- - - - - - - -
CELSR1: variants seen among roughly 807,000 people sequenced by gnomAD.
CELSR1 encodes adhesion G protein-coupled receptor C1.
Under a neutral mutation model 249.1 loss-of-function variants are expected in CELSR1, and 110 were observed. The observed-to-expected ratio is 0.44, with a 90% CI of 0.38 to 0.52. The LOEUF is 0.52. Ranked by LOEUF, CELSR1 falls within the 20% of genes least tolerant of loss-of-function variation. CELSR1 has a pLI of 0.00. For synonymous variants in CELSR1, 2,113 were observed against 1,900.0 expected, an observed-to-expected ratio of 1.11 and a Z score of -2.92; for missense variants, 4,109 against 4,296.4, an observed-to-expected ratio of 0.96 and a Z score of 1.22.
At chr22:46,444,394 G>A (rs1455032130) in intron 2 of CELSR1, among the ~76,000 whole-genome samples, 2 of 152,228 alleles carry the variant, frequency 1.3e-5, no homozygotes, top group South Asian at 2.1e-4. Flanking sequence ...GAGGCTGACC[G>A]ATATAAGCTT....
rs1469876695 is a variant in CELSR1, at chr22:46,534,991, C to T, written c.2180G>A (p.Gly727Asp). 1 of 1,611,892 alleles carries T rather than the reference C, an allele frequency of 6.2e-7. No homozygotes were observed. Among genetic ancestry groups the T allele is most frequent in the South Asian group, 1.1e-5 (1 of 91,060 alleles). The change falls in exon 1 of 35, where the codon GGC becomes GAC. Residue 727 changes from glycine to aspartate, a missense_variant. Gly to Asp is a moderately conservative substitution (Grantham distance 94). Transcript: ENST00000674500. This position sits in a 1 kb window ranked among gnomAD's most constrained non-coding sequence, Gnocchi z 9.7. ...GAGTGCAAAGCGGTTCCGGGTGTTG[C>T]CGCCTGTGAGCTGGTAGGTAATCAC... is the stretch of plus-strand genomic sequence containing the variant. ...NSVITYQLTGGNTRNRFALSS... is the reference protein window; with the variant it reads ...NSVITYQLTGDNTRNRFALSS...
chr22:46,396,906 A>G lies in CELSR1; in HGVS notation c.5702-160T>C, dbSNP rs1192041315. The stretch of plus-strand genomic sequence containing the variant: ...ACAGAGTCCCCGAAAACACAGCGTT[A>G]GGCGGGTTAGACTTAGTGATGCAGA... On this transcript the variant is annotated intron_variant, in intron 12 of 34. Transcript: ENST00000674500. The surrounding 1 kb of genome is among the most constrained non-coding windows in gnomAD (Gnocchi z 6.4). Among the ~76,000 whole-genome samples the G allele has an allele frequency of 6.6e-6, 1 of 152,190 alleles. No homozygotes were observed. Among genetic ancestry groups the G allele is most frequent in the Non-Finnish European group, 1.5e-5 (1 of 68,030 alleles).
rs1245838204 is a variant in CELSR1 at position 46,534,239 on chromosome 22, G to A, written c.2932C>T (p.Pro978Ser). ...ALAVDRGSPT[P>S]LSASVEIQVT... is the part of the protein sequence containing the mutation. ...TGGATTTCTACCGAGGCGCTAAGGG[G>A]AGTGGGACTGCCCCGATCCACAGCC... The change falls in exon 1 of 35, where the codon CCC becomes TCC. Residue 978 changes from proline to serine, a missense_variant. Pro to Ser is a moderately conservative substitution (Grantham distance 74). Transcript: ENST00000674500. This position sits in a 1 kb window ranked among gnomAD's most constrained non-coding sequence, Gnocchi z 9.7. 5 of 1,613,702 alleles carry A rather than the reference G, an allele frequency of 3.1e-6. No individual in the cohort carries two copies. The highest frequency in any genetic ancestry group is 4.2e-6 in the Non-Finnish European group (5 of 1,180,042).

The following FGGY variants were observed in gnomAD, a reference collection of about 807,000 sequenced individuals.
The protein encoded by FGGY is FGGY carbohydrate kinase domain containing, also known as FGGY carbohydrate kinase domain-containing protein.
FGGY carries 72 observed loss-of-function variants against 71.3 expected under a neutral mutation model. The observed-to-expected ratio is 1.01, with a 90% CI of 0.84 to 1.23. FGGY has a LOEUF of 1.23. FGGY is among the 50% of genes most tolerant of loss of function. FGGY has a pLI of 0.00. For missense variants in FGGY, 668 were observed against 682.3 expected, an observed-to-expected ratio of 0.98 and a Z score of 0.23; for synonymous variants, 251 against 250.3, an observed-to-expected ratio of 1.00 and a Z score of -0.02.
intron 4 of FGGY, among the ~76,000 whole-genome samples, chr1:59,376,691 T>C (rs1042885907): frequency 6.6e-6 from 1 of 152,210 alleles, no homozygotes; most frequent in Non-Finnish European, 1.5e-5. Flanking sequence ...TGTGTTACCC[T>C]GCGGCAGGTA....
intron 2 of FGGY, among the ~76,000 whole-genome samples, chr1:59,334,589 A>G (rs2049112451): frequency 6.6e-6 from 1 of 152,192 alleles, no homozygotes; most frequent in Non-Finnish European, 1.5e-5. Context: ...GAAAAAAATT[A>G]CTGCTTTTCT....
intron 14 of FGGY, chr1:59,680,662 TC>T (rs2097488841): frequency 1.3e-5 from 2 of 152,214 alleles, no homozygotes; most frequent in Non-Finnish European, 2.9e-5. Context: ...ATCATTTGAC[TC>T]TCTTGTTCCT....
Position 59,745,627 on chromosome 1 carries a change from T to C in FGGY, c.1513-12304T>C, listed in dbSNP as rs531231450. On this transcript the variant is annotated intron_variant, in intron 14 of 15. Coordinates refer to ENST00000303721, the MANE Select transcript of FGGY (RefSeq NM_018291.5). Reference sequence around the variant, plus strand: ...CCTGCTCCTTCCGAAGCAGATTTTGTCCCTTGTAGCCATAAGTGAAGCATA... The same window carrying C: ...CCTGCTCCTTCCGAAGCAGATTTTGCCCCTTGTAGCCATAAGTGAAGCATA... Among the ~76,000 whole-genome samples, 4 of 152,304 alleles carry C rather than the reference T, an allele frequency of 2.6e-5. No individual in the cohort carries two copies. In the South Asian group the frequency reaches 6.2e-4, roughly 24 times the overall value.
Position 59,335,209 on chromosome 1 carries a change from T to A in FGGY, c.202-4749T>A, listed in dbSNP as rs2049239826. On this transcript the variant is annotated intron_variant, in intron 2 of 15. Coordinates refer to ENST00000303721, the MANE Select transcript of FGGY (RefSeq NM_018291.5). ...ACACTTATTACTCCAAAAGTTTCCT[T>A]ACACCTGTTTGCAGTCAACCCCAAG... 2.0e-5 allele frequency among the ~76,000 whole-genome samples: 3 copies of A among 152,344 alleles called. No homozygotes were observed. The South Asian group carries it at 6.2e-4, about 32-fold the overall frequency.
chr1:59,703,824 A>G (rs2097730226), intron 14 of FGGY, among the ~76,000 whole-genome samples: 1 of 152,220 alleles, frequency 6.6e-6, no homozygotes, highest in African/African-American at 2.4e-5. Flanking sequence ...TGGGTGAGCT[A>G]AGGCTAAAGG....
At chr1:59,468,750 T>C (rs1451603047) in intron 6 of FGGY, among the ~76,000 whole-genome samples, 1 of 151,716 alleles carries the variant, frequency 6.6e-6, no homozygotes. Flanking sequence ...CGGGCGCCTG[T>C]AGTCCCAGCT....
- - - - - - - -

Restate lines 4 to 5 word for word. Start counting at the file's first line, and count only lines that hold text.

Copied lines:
At chr22:46,444,394 G>A (rs1455032130) in intron 2 of CELSR1, among the ~76,000 whole-genome samples, 2 of 152,228 alleles carry the variant, frequency 1.3e-5, no homozygotes, top group South Asian at 2.1e-4. Flanking sequence ...GAGGCTGACC[G>A]ATATAAGCTT....
rs1469876695 is a variant in CELSR1, at chr22:46,534,991, C to T, written c.2180G>A (p.Gly727Asp). 1 of 1,611,892 alleles carries T rather than the reference C, an allele frequency of 6.2e-7. No homozygotes were observed. Among genetic ancestry groups the T allele is most frequent in the South Asian group, 1.1e-5 (1 of 91,060 alleles). The change falls in exon 1 of 35, where the codon GGC becomes GAC. Residue 727 changes from glycine to aspartate, a missense_variant. Gly to Asp is a moderately conservative substitution (Grantham distance 94). Transcript: ENST00000674500. This position sits in a 1 kb window ranked among gnomAD's most constrained non-coding sequence, Gnocchi z 9.7. ...GAGTGCAAAGCGGTTCCGGGTGTTG[C>T]CGCCTGTGAGCTGGTAGGTAATCAC... is the stretch of plus-strand genomic sequence containing the variant. ...NSVITYQLTGGNTRNRFALSS... is the reference protein window; with the variant it reads ...NSVITYQLTGDNTRNRFALSS...